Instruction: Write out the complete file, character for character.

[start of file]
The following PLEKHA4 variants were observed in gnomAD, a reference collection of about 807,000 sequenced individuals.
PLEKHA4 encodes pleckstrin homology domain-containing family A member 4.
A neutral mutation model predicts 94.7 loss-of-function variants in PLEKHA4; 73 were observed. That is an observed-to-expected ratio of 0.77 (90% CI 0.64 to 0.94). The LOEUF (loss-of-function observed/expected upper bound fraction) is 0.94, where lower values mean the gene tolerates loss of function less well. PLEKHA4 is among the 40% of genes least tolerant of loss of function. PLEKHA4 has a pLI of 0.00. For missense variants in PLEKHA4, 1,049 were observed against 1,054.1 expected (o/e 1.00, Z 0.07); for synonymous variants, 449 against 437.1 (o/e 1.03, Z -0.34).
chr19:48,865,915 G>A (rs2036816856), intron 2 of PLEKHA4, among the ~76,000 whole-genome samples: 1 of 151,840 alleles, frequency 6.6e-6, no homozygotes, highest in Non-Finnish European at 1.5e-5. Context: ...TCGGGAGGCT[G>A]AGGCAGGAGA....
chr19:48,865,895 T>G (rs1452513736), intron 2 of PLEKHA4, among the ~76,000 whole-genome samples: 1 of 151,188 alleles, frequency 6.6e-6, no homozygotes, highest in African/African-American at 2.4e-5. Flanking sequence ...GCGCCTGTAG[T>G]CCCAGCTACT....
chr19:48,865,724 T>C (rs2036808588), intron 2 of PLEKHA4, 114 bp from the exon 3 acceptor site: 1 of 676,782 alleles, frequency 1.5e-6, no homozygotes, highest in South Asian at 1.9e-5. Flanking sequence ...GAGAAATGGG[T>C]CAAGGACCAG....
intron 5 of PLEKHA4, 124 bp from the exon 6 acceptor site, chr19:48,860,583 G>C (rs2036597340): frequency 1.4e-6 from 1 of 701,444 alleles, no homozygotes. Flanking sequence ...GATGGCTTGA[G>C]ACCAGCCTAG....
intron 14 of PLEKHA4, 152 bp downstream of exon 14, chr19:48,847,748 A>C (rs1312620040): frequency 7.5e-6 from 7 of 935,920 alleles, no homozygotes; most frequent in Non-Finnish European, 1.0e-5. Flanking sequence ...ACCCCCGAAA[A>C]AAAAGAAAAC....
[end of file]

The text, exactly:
The following PLEKHA4 variants were observed in gnomAD, a reference collection of about 807,000 sequenced individuals.
PLEKHA4 encodes pleckstrin homology domain-containing family A member 4.
A neutral mutation model predicts 94.7 loss-of-function variants in PLEKHA4; 73 were observed. That is an observed-to-expected ratio of 0.77 (90% CI 0.64 to 0.94). The LOEUF (loss-of-function observed/expected upper bound fraction) is 0.94, where lower values mean the gene tolerates loss of function less well. PLEKHA4 is among the 40% of genes least tolerant of loss of function. PLEKHA4 has a pLI of 0.00. For missense variants in PLEKHA4, 1,049 were observed against 1,054.1 expected (o/e 1.00, Z 0.07); for synonymous variants, 449 against 437.1 (o/e 1.03, Z -0.34).
chr19:48,865,915 G>A (rs2036816856), intron 2 of PLEKHA4, among the ~76,000 whole-genome samples: 1 of 151,840 alleles, frequency 6.6e-6, no homozygotes, highest in Non-Finnish European at 1.5e-5. Context: ...TCGGGAGGCT[G>A]AGGCAGGAGA....
chr19:48,865,895 T>G (rs1452513736), intron 2 of PLEKHA4, among the ~76,000 whole-genome samples: 1 of 151,188 alleles, frequency 6.6e-6, no homozygotes, highest in African/African-American at 2.4e-5. Flanking sequence ...GCGCCTGTAG[T>G]CCCAGCTACT....
chr19:48,865,724 T>C (rs2036808588), intron 2 of PLEKHA4, 114 bp from the exon 3 acceptor site: 1 of 676,782 alleles, frequency 1.5e-6, no homozygotes, highest in South Asian at 1.9e-5. Flanking sequence ...GAGAAATGGG[T>C]CAAGGACCAG....
intron 5 of PLEKHA4, 124 bp from the exon 6 acceptor site, chr19:48,860,583 G>C (rs2036597340): frequency 1.4e-6 from 1 of 701,444 alleles, no homozygotes. Flanking sequence ...GATGGCTTGA[G>C]ACCAGCCTAG....
intron 14 of PLEKHA4, 152 bp downstream of exon 14, chr19:48,847,748 A>C (rs1312620040): frequency 7.5e-6 from 7 of 935,920 alleles, no homozygotes; most frequent in Non-Finnish European, 1.0e-5. Flanking sequence ...ACCCCCGAAA[A>C]AAAAGAAAAC....